I had the worst end to the best day. It was spent with friends having 2 pm breakfast, wine and lots of laughs. Fantastic company, lots of fun.
I headed home on the train about 6.30. I put my headphones on and noticed a group of four teenagers staring at me. My music was on softly so I could hear them say how red I look, and laughing about my appearance.
The ones who could see me pointed me out to the ones who were facing away from me. For them to get a better view, two of them took photos of me on their iPhones and showed them to the others. The angles they held their phones at made it pretty obvious they were photographing me. They continued to take photos of me, and when I stood up to exit the train, there was a mad scramble to put their phones down.
I rarely confront someone if they aren’t directly speaking to me about my appearance. Today I did.
When I reached the door, I said ‘hey guys, could you please stop taking photos of me and showing them around. It’s disrespectful’. Of course they denied it, muttering how stupid I am to say that. I said ‘I may be red but I’m not stupid. I could see what you were doing’. Smirks continued. I said something else about them not understanding or respecting disability, and mentioned that my appearance has got me a role on TV. I was shaking, and even almost an hour later, I am still shaking.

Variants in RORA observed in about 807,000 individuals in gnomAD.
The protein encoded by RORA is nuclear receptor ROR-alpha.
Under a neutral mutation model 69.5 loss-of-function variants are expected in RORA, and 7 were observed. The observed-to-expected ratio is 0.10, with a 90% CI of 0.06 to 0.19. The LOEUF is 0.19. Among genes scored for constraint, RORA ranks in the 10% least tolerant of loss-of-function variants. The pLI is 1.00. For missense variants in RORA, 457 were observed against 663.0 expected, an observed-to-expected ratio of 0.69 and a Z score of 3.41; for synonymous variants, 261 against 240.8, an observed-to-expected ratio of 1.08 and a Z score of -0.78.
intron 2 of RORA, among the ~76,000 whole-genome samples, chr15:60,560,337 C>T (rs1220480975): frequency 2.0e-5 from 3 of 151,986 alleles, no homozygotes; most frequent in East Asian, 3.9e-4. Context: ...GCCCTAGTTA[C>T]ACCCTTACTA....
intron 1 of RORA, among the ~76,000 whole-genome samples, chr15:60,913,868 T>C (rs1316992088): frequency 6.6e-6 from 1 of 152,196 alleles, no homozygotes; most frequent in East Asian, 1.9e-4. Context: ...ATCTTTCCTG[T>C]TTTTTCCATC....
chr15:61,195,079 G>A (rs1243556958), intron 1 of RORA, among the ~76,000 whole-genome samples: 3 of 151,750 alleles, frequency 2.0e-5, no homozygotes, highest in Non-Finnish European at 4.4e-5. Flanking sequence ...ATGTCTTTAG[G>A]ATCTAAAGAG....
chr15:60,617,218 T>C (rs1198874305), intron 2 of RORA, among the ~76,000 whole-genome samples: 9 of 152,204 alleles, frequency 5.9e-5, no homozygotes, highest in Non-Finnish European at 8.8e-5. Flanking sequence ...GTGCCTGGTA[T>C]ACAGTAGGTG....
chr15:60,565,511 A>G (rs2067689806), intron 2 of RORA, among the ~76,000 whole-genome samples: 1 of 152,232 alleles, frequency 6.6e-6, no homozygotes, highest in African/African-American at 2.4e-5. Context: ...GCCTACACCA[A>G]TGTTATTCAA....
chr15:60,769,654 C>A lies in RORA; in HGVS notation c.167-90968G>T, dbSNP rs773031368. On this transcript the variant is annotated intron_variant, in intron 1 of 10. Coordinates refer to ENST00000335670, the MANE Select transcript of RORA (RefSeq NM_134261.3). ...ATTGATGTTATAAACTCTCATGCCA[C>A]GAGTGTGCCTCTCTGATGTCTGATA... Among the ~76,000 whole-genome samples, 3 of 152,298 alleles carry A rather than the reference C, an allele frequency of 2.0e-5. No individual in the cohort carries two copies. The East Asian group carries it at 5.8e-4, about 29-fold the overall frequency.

Then, for the kindness of strangers, a man who sat opposite the kids took out his headphones and gave them a serve, telling them to stop harassing me and that he’d take them all on. It was quite a hallelujah moment for me. He really did improve the situation.
It’s rare that strangers come to my aid when others stare, point and harass me. I thank this man so much for doing so. He’s a really good person for doing so.
I doubt these kids will even reflect on what they’ve done and I’ve said. They’re probably laughing about the crazy red girl who told them off in the train, and comparing pictures of me with their other...
Please join StudyMode to read the full document